The Sumatran tiger is in danger of becoming the first major mammal to become extinct in the 21st century, as villagers on the Indonesian island fight a deadly war with the magnificent but ferocious predator.
At least four tigers, and nine people, have been killed in the past month alone, as the shrinking of Sumatra’s already depleted forests brings an increase in attacks on farmers, hunters and illegal loggers.
With fewer than 400 of the creatures estimated to be left in the wild, the Sumatran tiger is classified as critically endangered, the most vulnerable of all the six surviving tiger subspecies.
The fact that several victims of the recent attacks have been devoured by the tigers, which usually have little taste for human flesh, suggests how hungry and desperate they are becoming, as economic exploitation of their habitat confines them in ever smaller and more impoverished patches of jungle.
As the tiger attacks become more common, conservationists are hurrying to trap man-eating animals humanely, and release them away from human habitation, before terrified villagers hunt them down and kill them.
“As people encroach into tiger habitat, it’s creating a crisis situation and further threatening this critically endangered subspecies,” Ian Kosasih of the conservation group WWF, said. “In light of these killings, officials have got to make public safety a top concern and put a stop to illegal clearance of forests in Sumatra.”
According to the Indonesian government, between five and ten tigers are killed on average every year, but the scale of the slaughter in 2009 is on course to be higher than ever. A male tiger was speared to death a week ago after attacking a security guard on a palm oil plantation in the Indragiri Hilir area of Jambi province, the fourth animal to be killed this year.
Three young tigers were killed in February in neighbouring Riau province, after wandering into a village in search of food. Another Sumatran tiger was successfully trapped by conservationists.
But at least six people have been mauled to death and several more attacked and injured. In the grisliest attack, a 50-year-old man named Suyud was killed in his hut, which he shared with his 21-year-old son Imam Mujianto. The young man was consumed by the creature, which ate his brain, heart and liver, according to local reports.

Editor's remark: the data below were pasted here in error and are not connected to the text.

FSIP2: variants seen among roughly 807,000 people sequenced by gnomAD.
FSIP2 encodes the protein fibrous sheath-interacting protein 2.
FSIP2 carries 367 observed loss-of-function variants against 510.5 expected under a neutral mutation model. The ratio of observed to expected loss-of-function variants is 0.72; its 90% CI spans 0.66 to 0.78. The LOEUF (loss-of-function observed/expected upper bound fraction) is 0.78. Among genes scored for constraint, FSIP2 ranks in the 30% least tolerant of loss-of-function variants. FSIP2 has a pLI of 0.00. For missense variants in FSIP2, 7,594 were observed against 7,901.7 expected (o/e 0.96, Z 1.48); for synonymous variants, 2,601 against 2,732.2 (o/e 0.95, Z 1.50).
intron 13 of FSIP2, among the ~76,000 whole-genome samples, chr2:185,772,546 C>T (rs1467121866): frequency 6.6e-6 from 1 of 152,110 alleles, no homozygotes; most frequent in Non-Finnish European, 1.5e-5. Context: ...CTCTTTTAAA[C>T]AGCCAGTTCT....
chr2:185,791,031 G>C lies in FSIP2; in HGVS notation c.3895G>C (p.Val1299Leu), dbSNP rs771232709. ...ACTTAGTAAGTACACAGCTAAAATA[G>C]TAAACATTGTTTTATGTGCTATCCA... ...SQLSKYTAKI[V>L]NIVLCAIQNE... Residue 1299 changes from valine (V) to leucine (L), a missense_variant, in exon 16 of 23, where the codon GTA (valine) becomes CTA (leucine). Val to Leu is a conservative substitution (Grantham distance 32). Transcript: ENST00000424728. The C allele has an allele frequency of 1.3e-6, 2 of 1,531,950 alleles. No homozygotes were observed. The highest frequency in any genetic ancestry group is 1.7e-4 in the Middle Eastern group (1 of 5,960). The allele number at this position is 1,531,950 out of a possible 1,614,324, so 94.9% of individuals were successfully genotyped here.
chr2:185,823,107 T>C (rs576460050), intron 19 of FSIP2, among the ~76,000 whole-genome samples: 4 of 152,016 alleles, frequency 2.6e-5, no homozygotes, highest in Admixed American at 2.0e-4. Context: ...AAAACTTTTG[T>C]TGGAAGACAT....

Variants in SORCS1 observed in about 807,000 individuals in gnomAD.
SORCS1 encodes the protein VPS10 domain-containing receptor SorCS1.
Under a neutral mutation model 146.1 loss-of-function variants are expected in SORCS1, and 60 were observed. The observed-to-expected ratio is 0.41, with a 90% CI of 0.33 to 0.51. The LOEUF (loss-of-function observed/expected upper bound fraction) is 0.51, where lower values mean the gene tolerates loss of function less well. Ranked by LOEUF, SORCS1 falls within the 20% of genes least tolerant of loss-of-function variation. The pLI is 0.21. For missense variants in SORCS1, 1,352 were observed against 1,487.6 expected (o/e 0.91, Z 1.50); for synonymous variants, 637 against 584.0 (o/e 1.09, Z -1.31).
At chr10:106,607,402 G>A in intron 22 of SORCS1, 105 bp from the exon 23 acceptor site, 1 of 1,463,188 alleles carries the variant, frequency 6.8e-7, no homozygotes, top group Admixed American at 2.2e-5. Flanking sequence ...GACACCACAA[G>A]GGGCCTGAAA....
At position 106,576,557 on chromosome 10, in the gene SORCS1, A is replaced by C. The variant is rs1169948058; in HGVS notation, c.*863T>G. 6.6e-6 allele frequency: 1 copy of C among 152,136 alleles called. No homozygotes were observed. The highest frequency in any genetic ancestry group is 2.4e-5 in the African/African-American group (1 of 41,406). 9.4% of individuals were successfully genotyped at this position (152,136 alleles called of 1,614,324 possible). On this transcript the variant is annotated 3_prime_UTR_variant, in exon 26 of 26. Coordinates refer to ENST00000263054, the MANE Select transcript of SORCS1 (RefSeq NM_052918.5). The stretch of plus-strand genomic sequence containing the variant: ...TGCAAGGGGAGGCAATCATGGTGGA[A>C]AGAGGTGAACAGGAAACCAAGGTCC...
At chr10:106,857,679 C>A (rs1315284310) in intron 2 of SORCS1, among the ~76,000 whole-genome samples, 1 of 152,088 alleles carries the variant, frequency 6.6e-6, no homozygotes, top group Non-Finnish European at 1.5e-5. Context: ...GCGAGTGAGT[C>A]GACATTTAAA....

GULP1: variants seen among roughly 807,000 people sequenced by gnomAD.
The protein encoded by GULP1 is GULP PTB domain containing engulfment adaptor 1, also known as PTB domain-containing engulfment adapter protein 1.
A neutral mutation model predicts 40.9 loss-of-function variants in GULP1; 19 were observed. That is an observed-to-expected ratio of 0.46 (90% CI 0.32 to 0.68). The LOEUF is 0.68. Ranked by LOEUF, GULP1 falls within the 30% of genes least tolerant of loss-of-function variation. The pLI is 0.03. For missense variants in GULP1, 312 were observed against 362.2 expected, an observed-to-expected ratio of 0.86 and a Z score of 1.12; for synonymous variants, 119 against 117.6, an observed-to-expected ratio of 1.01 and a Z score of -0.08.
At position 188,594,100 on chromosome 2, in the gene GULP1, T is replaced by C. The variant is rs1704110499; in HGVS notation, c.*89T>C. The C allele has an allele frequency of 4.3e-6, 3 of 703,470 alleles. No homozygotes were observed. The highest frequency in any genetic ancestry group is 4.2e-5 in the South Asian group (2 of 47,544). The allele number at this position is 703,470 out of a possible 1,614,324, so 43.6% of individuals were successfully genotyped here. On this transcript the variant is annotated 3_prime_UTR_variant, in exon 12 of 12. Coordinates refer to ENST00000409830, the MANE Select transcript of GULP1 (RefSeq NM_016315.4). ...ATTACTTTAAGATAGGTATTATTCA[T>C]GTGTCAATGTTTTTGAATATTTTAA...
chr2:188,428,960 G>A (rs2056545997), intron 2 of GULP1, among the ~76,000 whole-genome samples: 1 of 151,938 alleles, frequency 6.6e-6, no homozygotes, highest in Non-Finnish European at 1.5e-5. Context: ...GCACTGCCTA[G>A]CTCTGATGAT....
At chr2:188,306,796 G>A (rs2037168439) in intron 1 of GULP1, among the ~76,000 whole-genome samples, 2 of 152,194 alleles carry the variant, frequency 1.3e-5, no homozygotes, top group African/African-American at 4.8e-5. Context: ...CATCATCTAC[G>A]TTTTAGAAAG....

“The shocking news that six people have been killed in less than one month is an extremely sad illustration of how bad the situation has become in Jambi,” said Didy Wurjanto, the head of the Jambi province Nature Conservancy Agency. “It’s a signal that we need to get serious about protecting natural forest and giving tigers their space.”
The number of tigers across the world has declined by 95 per cent in the past century, and three subspecies have become extinct, including the two others native to Indonesia – the Bali tiger and the Javan tiger, which was seen in the wild as late as the 1970s.
Poachers hunt them for their skins and other body parts which are a prized ingredient in traditional Asian medicines – the bodies of the animals killed in Sumatra in the past weeks quickly disappeared, and a tiger corpse is worth $3,200 (£2,200), a small fortune for an Indonesian villager.
But there is also less and less room for tigers, who require large areas in which to prowl, hunt and mate. Road building, farming, the timber industry and, particularly in Sumatra, the clearing of jungle to create lucrative palm oil plantations, is driving tigers into smaller islands of natural forest.
Sumatra’s lowland forests are shrinking at the rate of 2,700 sq km every year, an area larger than Luxemburg.
“You can’t expect tigers to become vegetarians,” Nurazman Nurdin of the Nature Conservation Agency told AP. “They need meat and humans trespassing their territory are relatively easy targets.”
Asia Editor Richard Lloyd Parry reports for The Times
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